World children's day: children takeover the Serbian Parliament

20 November 2017
Primary school girl talking in the Parliament
UNICEF Serbia/2017/Vas

Belgrade, 20 November 2017 – The voices of children were clearly heard in the Parliament of the Republic of Serbia today, as part of the World Children's Day celebrations.

Children took over the Parliament and presented the conclusions from a participatory process, in which children, including particularly vulnerable children, expressed their opinions about how they perceive the problem of violence and how to prevent it.

Children addressed representatives of the Government of the Republic of Serbia, including the Minister of Labour Employment, Veteran and Social Affairs, Zoran Djordjevic, the Minister without portfolio responsible for demography and population policy, Slavica Djukic Dejanovic, as well as UNICEF Representative in Serbia, Michel Saint-Lot, the Council for the Rights of the Child, the Ombudsman’s Office, the Office of the Commissioner for Equality, the Network of Organizations for Children of Serbia, and other bodies and institutions that are responsible for ensuring that every child in Serbia is safe and protected from violence.

Minister Djukic Dejanovic stated that we should all try to detect, and then report violence, which is happening all around us. While talking with the children in Parliament, Minister Djordjevic called for an end to violence, while UNICEF Representative in Serbia, Michel Saint-Lot, said that UNICEF, together with all relevant institutions, will intensify its fight to end peer violence.

Conclusions of the participatory process show that:

• Children recognise their family members, mostly parents, as the most important actors in the prevention and protection against violence;
• Although children identified members of the police as important actors in the prevention and protection against violence, 53.3% of the children stated that they would not call the police in case they witnessed a situation involving violence on the street;

More than 50% of children ask for help when they are victims of violence, while 36.7% of children say they resolve the problem by themselves.

Children’s Recommendations on How to Prevent Violence:

• Organise more workshops and trainings for children, parents and teachers to prevent violence more efficiently. If, nevertheless, violence occurs, it is necessary to quickly recognise it, respond to it, and protect children from violence;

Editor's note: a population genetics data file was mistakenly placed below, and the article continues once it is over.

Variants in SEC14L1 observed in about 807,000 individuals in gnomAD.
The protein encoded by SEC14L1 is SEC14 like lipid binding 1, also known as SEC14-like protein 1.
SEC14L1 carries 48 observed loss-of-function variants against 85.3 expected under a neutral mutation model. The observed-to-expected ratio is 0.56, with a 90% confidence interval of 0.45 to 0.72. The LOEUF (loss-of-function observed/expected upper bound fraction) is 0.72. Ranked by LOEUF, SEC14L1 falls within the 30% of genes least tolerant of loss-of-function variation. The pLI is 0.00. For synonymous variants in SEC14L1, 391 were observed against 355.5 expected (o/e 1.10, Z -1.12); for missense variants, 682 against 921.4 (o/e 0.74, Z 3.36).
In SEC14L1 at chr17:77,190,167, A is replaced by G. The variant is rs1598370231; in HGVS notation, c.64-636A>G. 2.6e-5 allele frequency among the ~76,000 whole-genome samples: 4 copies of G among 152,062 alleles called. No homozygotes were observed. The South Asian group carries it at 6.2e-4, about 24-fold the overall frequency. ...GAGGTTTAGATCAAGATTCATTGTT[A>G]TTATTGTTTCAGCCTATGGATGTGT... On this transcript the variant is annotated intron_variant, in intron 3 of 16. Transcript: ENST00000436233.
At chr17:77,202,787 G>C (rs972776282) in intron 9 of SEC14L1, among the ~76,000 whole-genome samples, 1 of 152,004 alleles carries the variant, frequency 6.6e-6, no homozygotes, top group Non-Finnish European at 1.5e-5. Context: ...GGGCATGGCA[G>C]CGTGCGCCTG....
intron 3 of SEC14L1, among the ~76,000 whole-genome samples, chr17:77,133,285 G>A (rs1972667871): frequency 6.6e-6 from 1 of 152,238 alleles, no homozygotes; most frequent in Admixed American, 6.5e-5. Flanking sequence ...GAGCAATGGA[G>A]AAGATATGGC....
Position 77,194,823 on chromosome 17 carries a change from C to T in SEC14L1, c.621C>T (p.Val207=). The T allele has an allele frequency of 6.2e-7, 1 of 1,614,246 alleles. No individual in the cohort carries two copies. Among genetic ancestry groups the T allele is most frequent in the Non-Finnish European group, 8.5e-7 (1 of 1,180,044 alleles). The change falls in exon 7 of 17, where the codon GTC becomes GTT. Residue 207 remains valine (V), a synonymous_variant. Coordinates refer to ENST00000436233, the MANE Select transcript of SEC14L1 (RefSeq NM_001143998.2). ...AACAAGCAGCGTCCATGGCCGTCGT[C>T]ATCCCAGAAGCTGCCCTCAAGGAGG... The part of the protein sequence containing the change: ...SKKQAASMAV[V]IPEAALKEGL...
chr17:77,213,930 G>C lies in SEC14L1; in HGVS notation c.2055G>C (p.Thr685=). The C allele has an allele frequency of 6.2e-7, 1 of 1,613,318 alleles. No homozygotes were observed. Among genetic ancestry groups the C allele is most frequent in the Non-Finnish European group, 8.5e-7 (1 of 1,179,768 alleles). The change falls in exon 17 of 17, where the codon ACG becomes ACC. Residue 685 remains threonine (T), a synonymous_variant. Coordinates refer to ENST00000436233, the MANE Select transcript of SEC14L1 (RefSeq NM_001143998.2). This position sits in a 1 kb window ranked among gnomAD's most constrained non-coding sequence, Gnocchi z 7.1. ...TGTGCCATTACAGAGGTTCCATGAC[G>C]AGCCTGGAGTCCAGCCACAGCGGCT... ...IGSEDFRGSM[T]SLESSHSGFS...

• Empower children to recognise and report violence to parents, police, teachers, school staff, and other trusted persons;
• It is important that the police, school employees, parents and other adults act appropriately and promptly when violence occurs or when a child reports violence;

Banning the use of mobile phones in schools, responding to online violence, and being careful about content that is posted online are ways to prevent digital violence.

This initiative was carried out by the Friends of Children of Serbia, and as part of the process of developing a National strategic framework for the prevention and protection of children against violence.

UNICEF and the Friends of Children of Serbia are working together to enable children to articulate their voices and take them into account in the process of developing the National strategic framework for prevention and protection of children from violence, which was initiated by the Ministry of Labour, Employment, Veteran and Social Affairs of the Republic of Serbia.

The initiative is an integral part of the "Protecting children from violence and promoting social inclusion of children with disabilities in the countries of the Western Balkans and Turkey" project, funded by the European Union, and implemented in cooperation with the Ministry of Labour, Employment, Veteran and Social Affairs, the Ministry of Health, the Ministry of Education, Science and Technological Development, and UNICEF.

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